Introduction, By Ümit Kurt
This issue Turkish Review presents readers with a wide range of books and conference briefs, many of which deal with different aspects of ethnic identity, be it Turkish or otherwise. The first volume is Şener Aktürk’s “Regimes of Ethnicity and Nationhood in Germany, Russia, and Turkey” (Cambridge University Press). Historian Prof. Norman Naimark (Stanford University) analyzes this book, in which historical developments in the ethnicity regimes of German, Turkey and Russia are compared.
Author Vedica Kant offers an account of Vicken Cheterian’s “Open Wounds: Armenians, Turks and a Century of Genocide” (Hurst), which examines the impacts of the Armenian genocide on Turkey and on Armenians in subsequent years.
Next comes Fatma Sel Turhan’s “The Ottoman Empire and the Bosnian Uprising: Janissaries, Modernisation and Rebellion in the Nineteenth Century” (I.B Tauris), which looks at the Ottoman-run Bosnia of the 19th century. This product of painstaking archival research is illuminated for Turkish Review by Bilge Yabancı (University of Graz).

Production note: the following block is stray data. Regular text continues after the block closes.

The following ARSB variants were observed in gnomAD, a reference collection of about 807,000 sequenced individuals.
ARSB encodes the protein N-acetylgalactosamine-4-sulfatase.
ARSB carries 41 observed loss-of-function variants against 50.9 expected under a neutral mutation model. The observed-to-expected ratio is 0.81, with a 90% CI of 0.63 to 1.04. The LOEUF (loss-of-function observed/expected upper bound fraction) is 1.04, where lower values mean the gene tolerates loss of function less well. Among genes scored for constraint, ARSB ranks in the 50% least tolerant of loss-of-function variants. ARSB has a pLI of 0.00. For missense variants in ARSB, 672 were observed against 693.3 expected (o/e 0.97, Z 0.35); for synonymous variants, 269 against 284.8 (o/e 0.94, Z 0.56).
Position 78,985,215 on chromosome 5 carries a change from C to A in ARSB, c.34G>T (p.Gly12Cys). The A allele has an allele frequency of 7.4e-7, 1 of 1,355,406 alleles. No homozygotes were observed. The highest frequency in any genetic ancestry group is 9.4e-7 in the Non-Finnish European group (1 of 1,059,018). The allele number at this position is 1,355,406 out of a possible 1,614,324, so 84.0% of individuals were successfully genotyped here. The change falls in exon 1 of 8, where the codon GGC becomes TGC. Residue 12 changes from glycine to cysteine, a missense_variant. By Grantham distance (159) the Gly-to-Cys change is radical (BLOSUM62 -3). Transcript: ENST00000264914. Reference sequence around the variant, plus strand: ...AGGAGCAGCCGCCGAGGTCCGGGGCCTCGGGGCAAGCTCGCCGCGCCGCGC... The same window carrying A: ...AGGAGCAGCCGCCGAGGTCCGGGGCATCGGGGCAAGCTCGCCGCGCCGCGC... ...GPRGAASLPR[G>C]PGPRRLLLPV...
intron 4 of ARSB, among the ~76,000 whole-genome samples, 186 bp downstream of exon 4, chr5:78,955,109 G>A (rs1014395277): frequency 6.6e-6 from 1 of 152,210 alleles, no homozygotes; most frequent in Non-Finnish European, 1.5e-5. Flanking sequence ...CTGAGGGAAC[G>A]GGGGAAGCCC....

The final book this issue is reviewed by Deniz Ali Gür (Muğla Sıtkı Koçman University): David Roman and Mehmet Gürses’s edited volume “Conflict, Democratization, and the Kurds in the Middle East” (Palgrave Macmillan). The book includes essays on the social political and historic aspects of the Kurdish issue.
The first of three conference briefs comes from Mehmet Karabela and Brenna Drummond (Queen’s University, Canada). They provide a detailed account of the March 2015 conference hosted by their own university: Islamism and Post-Islamism: Religious and Political Transformations in Muslim Societies. Panels at the conference addressed every aspect of the history of Islamism.
Daniel Ohanian (İstanbul Bilgi University) and Berkay Küçükbaşlar (Boğaziçi University) summarize the İstanbul Bilgi University conference, History of Occupations and Occupations in the Ottoman Empire and Turkey workshop. Finally, Zeyd Kılıç (Süleyman Şah University) recounts details of the 1st International Congress of Turkish Culture, jointly organized by Süleyman Şah University, Indiana University, Hacettepe University and the Motif Foundation. The wide-ranging event included disciplines from literature and history to fine art and anthropology, and brought together over 120 researchers to explore the historical effects and nature of Sufi culture and traditions.